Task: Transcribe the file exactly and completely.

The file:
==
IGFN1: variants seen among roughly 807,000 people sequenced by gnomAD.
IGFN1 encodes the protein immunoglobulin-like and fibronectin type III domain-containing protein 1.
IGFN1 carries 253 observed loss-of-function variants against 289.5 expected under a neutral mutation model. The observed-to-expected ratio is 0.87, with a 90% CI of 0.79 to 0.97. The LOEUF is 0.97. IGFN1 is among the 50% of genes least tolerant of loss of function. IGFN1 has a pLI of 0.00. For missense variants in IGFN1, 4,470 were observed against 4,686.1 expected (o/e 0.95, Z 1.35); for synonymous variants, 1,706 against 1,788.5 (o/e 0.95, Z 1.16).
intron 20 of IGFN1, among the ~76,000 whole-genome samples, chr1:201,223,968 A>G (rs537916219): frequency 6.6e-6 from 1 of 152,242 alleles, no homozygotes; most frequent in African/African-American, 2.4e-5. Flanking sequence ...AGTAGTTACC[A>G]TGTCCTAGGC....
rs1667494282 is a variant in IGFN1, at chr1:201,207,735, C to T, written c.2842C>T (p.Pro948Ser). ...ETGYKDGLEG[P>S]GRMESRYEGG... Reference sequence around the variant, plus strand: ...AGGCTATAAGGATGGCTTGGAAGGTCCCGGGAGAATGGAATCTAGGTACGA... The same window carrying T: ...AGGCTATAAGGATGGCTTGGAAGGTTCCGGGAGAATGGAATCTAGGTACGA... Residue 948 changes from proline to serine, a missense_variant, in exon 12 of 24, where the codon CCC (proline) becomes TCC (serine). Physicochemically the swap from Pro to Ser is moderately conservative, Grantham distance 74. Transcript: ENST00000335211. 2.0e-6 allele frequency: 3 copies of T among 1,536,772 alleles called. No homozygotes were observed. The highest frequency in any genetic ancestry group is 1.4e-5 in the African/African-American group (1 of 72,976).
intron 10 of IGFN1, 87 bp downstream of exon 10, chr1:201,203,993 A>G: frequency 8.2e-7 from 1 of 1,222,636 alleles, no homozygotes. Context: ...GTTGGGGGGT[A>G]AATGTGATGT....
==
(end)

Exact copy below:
IGFN1: variants seen among roughly 807,000 people sequenced by gnomAD.
IGFN1 encodes the protein immunoglobulin-like and fibronectin type III domain-containing protein 1.
IGFN1 carries 253 observed loss-of-function variants against 289.5 expected under a neutral mutation model. The observed-to-expected ratio is 0.87, with a 90% CI of 0.79 to 0.97. The LOEUF is 0.97. IGFN1 is among the 50% of genes least tolerant of loss of function. IGFN1 has a pLI of 0.00. For missense variants in IGFN1, 4,470 were observed against 4,686.1 expected (o/e 0.95, Z 1.35); for synonymous variants, 1,706 against 1,788.5 (o/e 0.95, Z 1.16).
intron 20 of IGFN1, among the ~76,000 whole-genome samples, chr1:201,223,968 A>G (rs537916219): frequency 6.6e-6 from 1 of 152,242 alleles, no homozygotes; most frequent in African/African-American, 2.4e-5. Flanking sequence ...AGTAGTTACC[A>G]TGTCCTAGGC....
rs1667494282 is a variant in IGFN1, at chr1:201,207,735, C to T, written c.2842C>T (p.Pro948Ser). ...ETGYKDGLEG[P>S]GRMESRYEGG... Reference sequence around the variant, plus strand: ...AGGCTATAAGGATGGCTTGGAAGGTCCCGGGAGAATGGAATCTAGGTACGA... The same window carrying T: ...AGGCTATAAGGATGGCTTGGAAGGTTCCGGGAGAATGGAATCTAGGTACGA... Residue 948 changes from proline to serine, a missense_variant, in exon 12 of 24, where the codon CCC (proline) becomes TCC (serine). Physicochemically the swap from Pro to Ser is moderately conservative, Grantham distance 74. Transcript: ENST00000335211. 2.0e-6 allele frequency: 3 copies of T among 1,536,772 alleles called. No homozygotes were observed. The highest frequency in any genetic ancestry group is 1.4e-5 in the African/African-American group (1 of 72,976).
intron 10 of IGFN1, 87 bp downstream of exon 10, chr1:201,203,993 A>G: frequency 8.2e-7 from 1 of 1,222,636 alleles, no homozygotes. Context: ...GTTGGGGGGT[A>G]AATGTGATGT....